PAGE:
Mosaic Review – Work To Live, Live To Work

Mosaic Review

One of the rarest narratives in video games are the ones that disempower the player. Games are a form of escapism, power fantasies, it’s a world where we can feel like we are in control. In Mosaic, you play as a nobody, an insignificant employee of a gigantic corporation. No strengths, no disabilities, nothing stands out about you. Not rich, not poor, living paycheque to paycheque, existing with the goal of paying next month’s rent. Developed by the Norwegian indie studio Krillbite, Mosaic is best described as a walking simulator (can we please come up with a new name for this genre?). Throughout the game, you’ll either be solving puzzles, or exploring, or doing both at the same time. Although the puzzles aren’t particularly challenging, this is definitely a case where gameplay exists to reinforce the story, rather than the other way around.

One of the core puzzles represents the protagonist’s daily work where the player must build a grid to effectively deliver resources towards a milestone. This game strikes a great balance of tedium and fun. While in the moment, it felt like I was making important decisions, but at the end of it all, I always realized that anyone could’ve done it, and it was just a matter of time before I simply reached the milestone. Then, never overstaying their welcome, the puzzle ends before any real tedium set in.

This abstraction is an amazing metaphor for what working for a mega-corporation can be like. Being just a small cog in a gigantic machine, it can be impossible to see the meaning behind your work or its effect in the grand scheme of things. As you grind your replaceable life upon the same task every day, the only thing your employer cares about is your efficiency in making them money. My ah-ha moment happened when work started to get harder. Your character’s passions start lowering your efficiency by redirecting your resources. While you can easily suppress those feelings, I went out of my way to build my grid around and away from those passions, putting in extra work for no reward and less efficiency. I wanted to keep the passions of my depressed character alive, even if it was an abstract symbol of it.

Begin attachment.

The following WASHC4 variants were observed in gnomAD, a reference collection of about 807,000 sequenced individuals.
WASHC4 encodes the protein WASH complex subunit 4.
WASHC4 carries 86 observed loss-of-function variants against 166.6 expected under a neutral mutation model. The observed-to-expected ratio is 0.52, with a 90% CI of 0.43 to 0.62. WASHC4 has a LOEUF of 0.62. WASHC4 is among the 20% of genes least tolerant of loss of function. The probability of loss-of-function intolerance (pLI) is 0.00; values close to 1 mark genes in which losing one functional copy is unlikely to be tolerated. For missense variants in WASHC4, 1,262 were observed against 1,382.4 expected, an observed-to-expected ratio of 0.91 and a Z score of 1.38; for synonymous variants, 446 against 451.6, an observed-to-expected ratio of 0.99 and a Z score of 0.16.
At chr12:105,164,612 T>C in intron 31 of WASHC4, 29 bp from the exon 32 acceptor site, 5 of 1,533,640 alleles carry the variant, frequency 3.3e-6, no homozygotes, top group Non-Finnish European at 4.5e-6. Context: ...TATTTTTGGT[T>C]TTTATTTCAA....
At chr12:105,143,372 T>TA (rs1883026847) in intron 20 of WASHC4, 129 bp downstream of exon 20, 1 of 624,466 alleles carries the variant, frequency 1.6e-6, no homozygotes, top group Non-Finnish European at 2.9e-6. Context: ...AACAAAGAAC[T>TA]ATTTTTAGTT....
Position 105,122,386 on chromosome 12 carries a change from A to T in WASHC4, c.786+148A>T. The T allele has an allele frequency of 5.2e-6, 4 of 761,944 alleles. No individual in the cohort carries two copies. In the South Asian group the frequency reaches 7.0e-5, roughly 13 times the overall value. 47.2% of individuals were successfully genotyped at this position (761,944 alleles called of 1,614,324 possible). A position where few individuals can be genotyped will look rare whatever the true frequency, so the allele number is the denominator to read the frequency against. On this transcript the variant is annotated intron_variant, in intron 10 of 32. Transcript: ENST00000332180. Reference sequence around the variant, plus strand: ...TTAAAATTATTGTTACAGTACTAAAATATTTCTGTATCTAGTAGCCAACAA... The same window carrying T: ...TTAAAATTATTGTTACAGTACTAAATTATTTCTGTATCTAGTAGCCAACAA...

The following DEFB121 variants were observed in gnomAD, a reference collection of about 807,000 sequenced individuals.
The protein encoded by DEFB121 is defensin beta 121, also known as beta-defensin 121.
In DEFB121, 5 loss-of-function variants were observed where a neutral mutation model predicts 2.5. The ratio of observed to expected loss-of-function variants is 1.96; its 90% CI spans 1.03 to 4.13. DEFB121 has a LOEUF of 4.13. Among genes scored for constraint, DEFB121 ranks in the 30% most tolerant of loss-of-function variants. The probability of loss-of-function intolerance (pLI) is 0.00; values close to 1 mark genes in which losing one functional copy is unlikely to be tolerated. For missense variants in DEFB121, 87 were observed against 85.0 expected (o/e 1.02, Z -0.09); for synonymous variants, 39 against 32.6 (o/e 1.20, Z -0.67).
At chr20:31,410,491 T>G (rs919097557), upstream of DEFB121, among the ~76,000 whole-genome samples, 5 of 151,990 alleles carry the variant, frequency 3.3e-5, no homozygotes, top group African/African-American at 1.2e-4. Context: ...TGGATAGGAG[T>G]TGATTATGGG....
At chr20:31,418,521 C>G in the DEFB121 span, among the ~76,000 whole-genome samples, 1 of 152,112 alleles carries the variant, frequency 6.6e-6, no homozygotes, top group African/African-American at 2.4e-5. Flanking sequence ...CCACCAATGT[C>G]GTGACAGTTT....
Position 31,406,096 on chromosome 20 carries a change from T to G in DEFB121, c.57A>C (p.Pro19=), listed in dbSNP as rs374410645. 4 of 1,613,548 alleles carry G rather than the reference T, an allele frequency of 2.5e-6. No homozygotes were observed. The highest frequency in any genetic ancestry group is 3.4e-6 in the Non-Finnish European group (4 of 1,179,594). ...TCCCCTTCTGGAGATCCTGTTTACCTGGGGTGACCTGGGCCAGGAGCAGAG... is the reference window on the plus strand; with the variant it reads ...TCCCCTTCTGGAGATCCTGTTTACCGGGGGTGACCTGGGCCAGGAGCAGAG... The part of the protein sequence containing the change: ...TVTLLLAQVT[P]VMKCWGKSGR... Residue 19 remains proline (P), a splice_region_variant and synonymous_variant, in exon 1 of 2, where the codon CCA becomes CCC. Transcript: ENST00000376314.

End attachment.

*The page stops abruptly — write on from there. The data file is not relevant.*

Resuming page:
The side games on your character’s phones are equally as entertaining as they are depressing. The biggest one is a simple clicker game, where I found myself sinking so much more time into it than it deserved. In a way, it perfectly exemplified why some of us play video games. Sometimes we feel stuck in life, or even when our lives are heading somewhere, the grind is so long and each step can take months or years of work. The clicker provides that instant gratification, our actions having a direct and immediate impact as it rapidly grows our achievements.

Unfortunately, there were a few puzzles that missed the mark for me. Many of these moments simply arose from frustrating controls that took me out of the moment from an otherwise very immersive experience. Other times, I wasn’t sure what the game wanted me to do. Although it never too long for me to figure out, and I understand they want to stay away from hand-holding in an already minimalist game, but simply leaving the player with no direction or demonstration doesn’t always facilitate smooth gameplay.

Simplistic Beauty

To back up the social message and interesting puzzles, Mosaic boasts many impressive set-pieces that are incredibly striking. With standouts like walking over a gigantic bridge above hundreds of cars stuck in traffic or a butterfly floating through a construction site, many scenes are carefully crafted with visual metaphors and cinematic camera work. I honestly haven’t enjoyed taking screenshots this much in a long time.The sound design is also quite impressive and the music, which is strategically scarce, will delight you when it finds its way into your life.

Although Mosaic’s gameplay is simple and the play length short, it boasts a powerful story with many unique elements you won’t find anywhere else. This Kafkaesque game pulls no punches in its depiction of depression, loneliness, and existential crisis of the modern-day. The mere existence of Mosaic is poetic. In a world where profit seems to be everything, pursuing art and meaning can feel impossible. Creating a game that disempowers the player, in itself, is going against the grains of financially successful norms. Through this game, not only is Krillbite telling us to pursue meaningfulness, they’re leading by example. I happily recommend Mosaic to anyone in search of poetic storytelling experience that’s only possible through video games.

***PC review code provided by the publisher.***

The Good

  • Thought-provoking
  • Rich, gorgeous visuals
  • Organic storytelling

The Bad

  • Some frustrating controls
  • Short
  • Simple gameplay